for an "excellent print". Some very large double blind tests were done to
judge what consitituted an excellent print.
Jones system was based on a a minimum gradient in the toe. This point was
measured on the basis of the toe contrast rather than on a fixed minimum
density. The minimum was the point where the gradient or gamma of the tow
was 1/3rd that of the average gradient over a log 1.5 density range. So,
the system took into account the shape and extent of the toe region.
This tended to set exposure at a level where adequate shadow detail was
produced at a minimum exposure.
The reason for setting minimum exposure was that grain is reduced and
sharpness is increased over negatives with greater exposure. Jones found
that increasing exposure from this point had little or no effect on tonal
rendition up to very large overexposure.
When the Kodak system was adopted by the ASA a 2.5X safety factor was
included. The reason given in Kodak literature is that it was to compensate
for underdevelopment in photofinishing plants, evidently very a very common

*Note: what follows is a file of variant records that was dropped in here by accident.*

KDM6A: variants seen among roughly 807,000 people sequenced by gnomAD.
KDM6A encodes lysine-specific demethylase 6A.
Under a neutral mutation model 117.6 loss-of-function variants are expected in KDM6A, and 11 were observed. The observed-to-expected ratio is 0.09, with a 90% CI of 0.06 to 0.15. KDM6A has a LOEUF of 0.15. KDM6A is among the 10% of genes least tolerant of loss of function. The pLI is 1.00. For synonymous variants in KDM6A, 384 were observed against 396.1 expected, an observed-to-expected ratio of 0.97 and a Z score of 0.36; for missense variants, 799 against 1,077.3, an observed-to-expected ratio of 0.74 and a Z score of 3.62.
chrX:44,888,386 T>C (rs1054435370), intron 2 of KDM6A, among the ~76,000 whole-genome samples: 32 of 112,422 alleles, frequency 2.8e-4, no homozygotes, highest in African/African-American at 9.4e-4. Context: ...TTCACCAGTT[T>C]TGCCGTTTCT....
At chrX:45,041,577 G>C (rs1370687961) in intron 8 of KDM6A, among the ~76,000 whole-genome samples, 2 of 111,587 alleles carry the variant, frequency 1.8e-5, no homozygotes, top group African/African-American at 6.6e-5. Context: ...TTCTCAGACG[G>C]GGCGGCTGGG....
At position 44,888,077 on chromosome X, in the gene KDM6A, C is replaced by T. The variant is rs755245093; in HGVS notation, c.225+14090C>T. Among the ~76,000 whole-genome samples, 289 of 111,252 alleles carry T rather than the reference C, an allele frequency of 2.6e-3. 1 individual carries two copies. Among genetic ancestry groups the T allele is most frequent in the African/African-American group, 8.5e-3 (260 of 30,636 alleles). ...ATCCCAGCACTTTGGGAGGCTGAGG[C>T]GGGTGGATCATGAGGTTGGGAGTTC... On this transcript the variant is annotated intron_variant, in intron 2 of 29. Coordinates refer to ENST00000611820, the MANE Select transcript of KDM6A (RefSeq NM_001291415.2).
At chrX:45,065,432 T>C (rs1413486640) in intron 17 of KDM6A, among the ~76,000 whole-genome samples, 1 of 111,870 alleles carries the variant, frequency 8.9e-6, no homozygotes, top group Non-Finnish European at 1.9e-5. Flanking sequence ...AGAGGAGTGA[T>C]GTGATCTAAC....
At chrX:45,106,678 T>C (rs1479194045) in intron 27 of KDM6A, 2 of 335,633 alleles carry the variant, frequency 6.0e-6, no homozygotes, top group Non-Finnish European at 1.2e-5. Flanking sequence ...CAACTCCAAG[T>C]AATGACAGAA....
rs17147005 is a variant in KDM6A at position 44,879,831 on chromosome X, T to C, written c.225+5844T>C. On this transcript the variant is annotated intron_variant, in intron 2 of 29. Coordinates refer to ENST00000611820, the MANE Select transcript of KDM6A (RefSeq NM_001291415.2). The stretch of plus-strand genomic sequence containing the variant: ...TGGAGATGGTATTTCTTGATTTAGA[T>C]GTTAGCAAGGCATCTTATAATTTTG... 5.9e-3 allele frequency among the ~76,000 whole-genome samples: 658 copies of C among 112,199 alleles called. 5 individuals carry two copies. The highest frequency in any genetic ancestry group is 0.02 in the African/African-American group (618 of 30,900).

problem at the time. Probably the idea was that, since overexposure by this
much had no effect on print quality, it would insure that an image was
gotten by amateur photographers. This system was adopted by the ASA in
about 1943 and modified somewhat in 1946. The safety factor tended to
result in excessively dense negatives. Kodak's literature of the time
specifies that speed can be doubled without loss of quality when exposure
and processing is done carefully.
Kodak speeds do not have the safety factor. Old Kodak speeds translate
into modern speeds by dividing by two, and into the old ASA speeds by
deviding by four.
The Jones minimum usable gradient method of speed measurement is very